For the new study, researchers compared two types of care for moderately severe, uncontrolled high blood pressure: traditional clinic-based care, using face-to face visits with doctors and medical assistants, and telehealth care, with home blood pressure telemonitoring and home-based care coordinated via telephone by a pharmacist or in some cases, a nurse. The research was conducted on 3,071 people, whose average age was 60, in a randomized trial involving 21 primary care clinics in Minnesota and Wisconsin.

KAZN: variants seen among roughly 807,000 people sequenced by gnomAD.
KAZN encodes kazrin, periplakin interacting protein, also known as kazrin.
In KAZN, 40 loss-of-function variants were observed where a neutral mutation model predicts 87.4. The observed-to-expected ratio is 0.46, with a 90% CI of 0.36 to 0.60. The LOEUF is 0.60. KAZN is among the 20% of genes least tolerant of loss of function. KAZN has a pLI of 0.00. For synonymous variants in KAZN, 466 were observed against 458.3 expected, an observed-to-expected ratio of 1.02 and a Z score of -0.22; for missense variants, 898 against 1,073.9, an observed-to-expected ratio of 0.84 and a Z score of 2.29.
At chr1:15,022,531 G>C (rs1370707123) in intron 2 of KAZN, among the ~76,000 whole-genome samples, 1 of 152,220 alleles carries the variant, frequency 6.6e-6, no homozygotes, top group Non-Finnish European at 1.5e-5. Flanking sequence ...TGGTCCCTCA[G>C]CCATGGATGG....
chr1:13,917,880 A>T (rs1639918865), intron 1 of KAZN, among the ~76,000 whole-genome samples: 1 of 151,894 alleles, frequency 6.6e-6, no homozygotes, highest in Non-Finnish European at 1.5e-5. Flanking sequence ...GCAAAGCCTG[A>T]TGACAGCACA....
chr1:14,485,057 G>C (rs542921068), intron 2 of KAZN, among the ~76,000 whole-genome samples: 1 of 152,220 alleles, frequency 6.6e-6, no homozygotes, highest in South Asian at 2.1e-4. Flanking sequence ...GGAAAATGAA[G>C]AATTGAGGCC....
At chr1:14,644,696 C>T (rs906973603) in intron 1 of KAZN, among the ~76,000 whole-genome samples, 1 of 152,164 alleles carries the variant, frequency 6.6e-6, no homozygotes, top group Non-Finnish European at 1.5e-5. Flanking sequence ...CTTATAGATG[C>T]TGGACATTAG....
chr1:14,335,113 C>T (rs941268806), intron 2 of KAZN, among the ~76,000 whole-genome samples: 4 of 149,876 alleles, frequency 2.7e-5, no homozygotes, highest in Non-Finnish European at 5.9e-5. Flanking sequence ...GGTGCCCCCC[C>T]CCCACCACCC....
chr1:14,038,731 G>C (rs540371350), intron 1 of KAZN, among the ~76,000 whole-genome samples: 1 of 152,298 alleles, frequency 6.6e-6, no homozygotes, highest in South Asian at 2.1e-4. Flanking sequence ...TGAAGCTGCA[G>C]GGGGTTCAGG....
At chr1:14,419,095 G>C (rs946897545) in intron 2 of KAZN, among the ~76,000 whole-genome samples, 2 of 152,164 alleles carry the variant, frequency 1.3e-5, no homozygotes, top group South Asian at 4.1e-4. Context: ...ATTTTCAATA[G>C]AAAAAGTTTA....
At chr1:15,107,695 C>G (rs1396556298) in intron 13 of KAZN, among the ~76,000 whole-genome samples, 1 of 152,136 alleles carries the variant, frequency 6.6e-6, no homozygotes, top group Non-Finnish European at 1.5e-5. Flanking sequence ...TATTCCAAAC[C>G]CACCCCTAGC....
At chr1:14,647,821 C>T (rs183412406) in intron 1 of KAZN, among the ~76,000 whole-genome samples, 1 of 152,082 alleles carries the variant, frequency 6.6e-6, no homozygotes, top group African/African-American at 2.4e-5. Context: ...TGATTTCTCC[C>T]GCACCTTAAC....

The telehealth and the clinic-based care were both successful in lowering blood pressure on average by about 18 mmHg on the systolic blood pressure, the “top number” in a reading, and 10 mmHg on the diastolic measurement, or “bottom number.” But there was no significant difference in the change over time in systolic or diastolic blood pressure between the two groups, researchers found.
The study was published Tuesday in the American Heart Association journal Hypertension.
“These results suggest telehealth team care by pharmacists is an effective and safe alternative to clinic-based care for uncontrolled hypertension,” said Dr. Karen Margolis, the study’s lead author.